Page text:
|Chennai||Rs. 24470.00 (1.37%)|
|Mumbai||Rs. 24900.00 (0.97%)|
|Delhi||Rs. 24200.00 (1.26%)|
|Kolkata||Rs. 24160.00 (0%)|
|Kerala||Rs. 24000.00 (0.63%)|
|Bangalore||Rs. 23800.00 (0%)|
|Hyderabad||Rs. 24140.00 (1.17%)|
The Supreme Court on Wednesday directed two Sahara group companies to refund Rs 24,000 crore to investors in a bond scheme it had declared illegal on August 31.
The two are to give a demand draft of Rs 5,120 crore immediately and the rest in two instalments. The first instalment of Rs 10,000 crore shall be paid in the first week of January. The amount will be deposited with the Securities and Exchange Board of India (Sebi).
The second instalment shall be paid in February, according to the order passed by a three-judge bench, chaired by Chief Justice Altamas Kabir. According to the August judgment, the deadline for repayment to around 30 million depositors expired on November 30. Therefore, the court expressed deep displeasure at the delay in Sahara’s action.
However, Wednesday's order was passed amid protests from Sebi and an investor protection group, which asserted they were not fully heard. Sebi strongly opposed Wednesday’s order, as the main judgment was delivered by another bench and only that one could modify it, it said. A contempt of court petition was also pending there. The main judgment was delivered by a bench of judges K S Radhakrishnan and J S Khehar. Though this issue was raised on Monday before the CJI’s bench, it was not accepted. The CJI responded that his bench was passing the order in the best interest of the investors.
When senior advocate Arvind Datar, appearing for Sebi, raised the issue again on Wednesday and wanted the court to record his objection, the CJI said: “We will record what we feel to record. We cannot record what you say.”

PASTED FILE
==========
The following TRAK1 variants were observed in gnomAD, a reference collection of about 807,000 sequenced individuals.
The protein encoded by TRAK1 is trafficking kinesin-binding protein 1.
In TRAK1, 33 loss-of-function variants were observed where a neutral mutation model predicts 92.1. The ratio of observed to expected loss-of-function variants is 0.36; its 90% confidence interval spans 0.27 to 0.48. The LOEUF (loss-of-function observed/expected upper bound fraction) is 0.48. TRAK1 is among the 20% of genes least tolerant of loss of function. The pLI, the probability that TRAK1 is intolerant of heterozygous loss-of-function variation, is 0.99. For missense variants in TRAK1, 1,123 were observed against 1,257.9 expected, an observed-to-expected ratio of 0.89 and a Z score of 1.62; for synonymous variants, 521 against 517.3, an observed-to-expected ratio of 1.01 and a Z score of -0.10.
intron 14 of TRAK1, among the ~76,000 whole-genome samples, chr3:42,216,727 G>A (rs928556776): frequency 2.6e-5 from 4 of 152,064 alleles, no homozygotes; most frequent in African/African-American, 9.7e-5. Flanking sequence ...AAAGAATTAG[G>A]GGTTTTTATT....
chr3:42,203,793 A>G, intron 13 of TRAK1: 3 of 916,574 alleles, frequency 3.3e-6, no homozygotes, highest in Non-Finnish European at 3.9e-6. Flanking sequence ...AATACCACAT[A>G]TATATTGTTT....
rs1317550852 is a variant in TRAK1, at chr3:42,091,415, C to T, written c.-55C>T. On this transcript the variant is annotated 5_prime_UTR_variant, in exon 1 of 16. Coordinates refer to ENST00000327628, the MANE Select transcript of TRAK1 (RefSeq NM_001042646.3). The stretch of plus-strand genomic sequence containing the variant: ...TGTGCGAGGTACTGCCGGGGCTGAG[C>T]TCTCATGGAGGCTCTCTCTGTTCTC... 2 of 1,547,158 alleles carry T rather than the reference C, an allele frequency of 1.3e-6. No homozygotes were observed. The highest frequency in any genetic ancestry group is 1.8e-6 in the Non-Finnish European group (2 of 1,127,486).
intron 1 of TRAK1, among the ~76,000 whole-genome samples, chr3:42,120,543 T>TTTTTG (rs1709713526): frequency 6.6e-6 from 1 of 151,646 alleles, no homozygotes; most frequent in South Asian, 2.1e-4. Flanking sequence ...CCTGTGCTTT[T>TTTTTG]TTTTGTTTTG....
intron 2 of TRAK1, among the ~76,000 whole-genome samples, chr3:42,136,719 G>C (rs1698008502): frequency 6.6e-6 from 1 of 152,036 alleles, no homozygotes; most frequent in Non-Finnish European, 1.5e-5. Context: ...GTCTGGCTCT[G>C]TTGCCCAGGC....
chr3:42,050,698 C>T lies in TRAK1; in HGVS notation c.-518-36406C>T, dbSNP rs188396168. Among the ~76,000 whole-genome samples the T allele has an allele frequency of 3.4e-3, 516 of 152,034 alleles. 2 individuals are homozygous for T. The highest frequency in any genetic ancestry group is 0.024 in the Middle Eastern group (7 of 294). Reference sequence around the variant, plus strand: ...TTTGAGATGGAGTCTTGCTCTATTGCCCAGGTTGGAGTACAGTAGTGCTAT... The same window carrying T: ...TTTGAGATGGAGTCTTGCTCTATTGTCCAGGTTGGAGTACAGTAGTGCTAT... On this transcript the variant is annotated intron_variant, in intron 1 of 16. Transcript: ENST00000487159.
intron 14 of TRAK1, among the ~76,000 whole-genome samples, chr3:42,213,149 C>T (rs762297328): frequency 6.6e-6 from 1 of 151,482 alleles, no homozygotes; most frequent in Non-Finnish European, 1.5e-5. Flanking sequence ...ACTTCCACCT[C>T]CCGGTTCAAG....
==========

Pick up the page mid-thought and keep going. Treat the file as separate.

Counsel for Universal Investors Association, Vikas Singh, argued that as the court had given an assurance that its order was to protect the investors, it was unfair to pass an order without hearing it. The bench did not heed the request and dictated the order.
Since the exact amount in the second instalment due in February has not been specified, it was speculated outside the courtroom that this might lead to further uncertainty or more legal haggling. The calculation of Sebi might differ from the claims admitted by the two companies, Sahara India Real Estate Corporation and Sahara Housing Investment Corporation. Since there are millions of small investors, the voluminous documents have to be obtained and examined by Sebi.
The regulator has already complained that the Sahara companies were not forthcoming on the data. It also alleged that investors were being asked to change their investments in OFCD, the scrapped scheme, and invest the money in other schemes of the Sahara group. The further speculation is that the amount collected from the investors might have already been utilised for other projects.
Sahara earlier committed to filing all the documents by November-end, the deadline for payment. The court had appointed one of its retired judges, B N Aggarwal, to supervise the implementation. He is said to have complained that the companies failed to hand over the relevant documents.